DENVER -- With still a month before pitchers and catchers begin working out in Scottsdale, Ariz., the Rockies theoretically could put a lineup on the field based on what the roster already looks like.High-pedigree players Charlie Blackmon, DJ LeMahieu and Nolan Arenado return at key spots in the order, Ian
DENVER -- With still a month before pitchers and catchers begin working out in Scottsdale, Ariz., the Rockies theoretically could put a lineup on the field based on what the roster already looks like.
High-pedigree players Charlie Blackmon, DJ LeMahieu and Nolan Arenado return at key spots in the order, Ian Desmond and Gerardo Parra have proven track records and Trevor Story has flashed power and run production.
But there is still time to inject a little more production, whether it's a Major League free agent or a veteran on a Minor League contract.
MLB.com is taking a look at the projected lineup of all 30 teams ahead of Spring Training. Here's how the Rockies might stack up:
LINEUP IF SEASON STARTED TODAY
Charlie Blackmon, CF
DJ LeMahieu, 2B
Ian Desmond, LF
Nolan Arenado, 3B
Gerardo Parra, RF
Trevor Story, SS
Ryan McMahon, 1B
Chris Iannetta, C
Arenado, Blackmon and Desmond have a history of power. Blackmon, LeMahieu and Parra have had big years with batting average, and Arenado cracked .300 for the first time last season. Story and Iannetta are known to hit balls hard. One idea is to find an experienced first baseman, but McMahon is coming off a strong Minor League season and has run-production potential.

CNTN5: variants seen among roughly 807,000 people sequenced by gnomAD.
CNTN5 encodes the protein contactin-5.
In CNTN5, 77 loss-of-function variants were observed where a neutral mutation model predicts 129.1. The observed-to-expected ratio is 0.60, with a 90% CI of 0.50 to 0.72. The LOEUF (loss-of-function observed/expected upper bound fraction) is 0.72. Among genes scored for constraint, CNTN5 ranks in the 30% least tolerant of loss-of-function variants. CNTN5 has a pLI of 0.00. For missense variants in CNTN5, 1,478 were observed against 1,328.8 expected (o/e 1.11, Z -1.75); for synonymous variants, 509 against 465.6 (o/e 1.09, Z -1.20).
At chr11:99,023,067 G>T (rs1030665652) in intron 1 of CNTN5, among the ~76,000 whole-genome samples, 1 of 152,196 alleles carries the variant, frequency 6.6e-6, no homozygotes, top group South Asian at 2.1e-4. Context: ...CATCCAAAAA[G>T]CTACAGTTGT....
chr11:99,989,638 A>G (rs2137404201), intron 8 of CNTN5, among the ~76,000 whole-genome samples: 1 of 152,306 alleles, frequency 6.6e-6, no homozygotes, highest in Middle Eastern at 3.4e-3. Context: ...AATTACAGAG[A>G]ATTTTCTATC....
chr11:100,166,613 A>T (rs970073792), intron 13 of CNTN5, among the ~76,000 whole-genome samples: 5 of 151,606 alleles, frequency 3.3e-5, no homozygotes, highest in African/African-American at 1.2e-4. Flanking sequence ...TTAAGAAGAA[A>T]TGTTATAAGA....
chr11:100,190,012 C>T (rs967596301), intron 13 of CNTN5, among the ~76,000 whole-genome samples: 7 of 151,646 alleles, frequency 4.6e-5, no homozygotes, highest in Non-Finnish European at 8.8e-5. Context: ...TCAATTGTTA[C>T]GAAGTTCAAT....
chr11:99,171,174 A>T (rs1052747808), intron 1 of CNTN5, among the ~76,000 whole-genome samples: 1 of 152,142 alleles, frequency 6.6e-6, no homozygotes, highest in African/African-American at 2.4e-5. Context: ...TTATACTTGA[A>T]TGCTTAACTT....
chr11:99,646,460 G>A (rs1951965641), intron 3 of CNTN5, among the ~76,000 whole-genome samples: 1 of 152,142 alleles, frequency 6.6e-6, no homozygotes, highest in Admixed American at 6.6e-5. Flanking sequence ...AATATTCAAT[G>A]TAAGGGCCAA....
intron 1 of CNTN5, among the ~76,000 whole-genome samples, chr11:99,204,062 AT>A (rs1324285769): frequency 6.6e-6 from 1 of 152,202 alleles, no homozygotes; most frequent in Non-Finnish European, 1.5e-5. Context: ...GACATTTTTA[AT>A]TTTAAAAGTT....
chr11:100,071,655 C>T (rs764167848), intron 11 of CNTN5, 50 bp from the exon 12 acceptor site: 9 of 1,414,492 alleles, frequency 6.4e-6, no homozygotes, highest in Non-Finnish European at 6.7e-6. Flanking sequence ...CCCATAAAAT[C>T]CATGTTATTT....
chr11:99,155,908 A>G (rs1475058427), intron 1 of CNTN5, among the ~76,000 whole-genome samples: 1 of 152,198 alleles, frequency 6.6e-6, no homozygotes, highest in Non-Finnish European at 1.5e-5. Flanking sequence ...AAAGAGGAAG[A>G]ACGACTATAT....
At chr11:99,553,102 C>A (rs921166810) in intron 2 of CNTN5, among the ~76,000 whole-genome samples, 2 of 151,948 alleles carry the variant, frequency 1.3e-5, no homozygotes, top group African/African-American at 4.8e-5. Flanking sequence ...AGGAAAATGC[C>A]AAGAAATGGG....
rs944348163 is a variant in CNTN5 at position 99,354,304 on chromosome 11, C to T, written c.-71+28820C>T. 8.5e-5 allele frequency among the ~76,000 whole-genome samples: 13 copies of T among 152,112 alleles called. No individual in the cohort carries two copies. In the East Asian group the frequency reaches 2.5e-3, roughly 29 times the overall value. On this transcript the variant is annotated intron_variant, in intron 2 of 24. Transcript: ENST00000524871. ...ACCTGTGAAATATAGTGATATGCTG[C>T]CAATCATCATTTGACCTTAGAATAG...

With Carlos Gonzalez and Mark Reynolds testing free agency, there is a need for one more big bat. It could be either of them. Or another experienced hitter on the market. Or possibly a Rockies product like McMahon. Or one of two outfielders -- David Dahl and Raimel Tapia. Or the answer could be in-house, should Desmond -- who is listed here in left field but could play first base -- catch fire after dealing with injuries for much of 2017.
WHAT MIGHT CHANGE
Combining players under contract and what is expected via arbitration, the Rockies have a payroll of about $130 million. General manager Jeff Bridich said last month he anticipated the 2018 payroll to be about where the Rockies finished '17, somewhere around $146 million. Officially, however, that payroll included $22 million (plus a $4 million '18 option) for shortstop Jose Reyes, who had long since ended up with the Mets. Bridich hasn't determined whether to go into the free-agent market for a corner bat, or let players the Rockies have developed have their shot.
Thomas Harding has covered the Rockies since 2000, and for MLB.com since 2002. Follow him on Twitter @harding_at_mlb and** like his Facebook page**.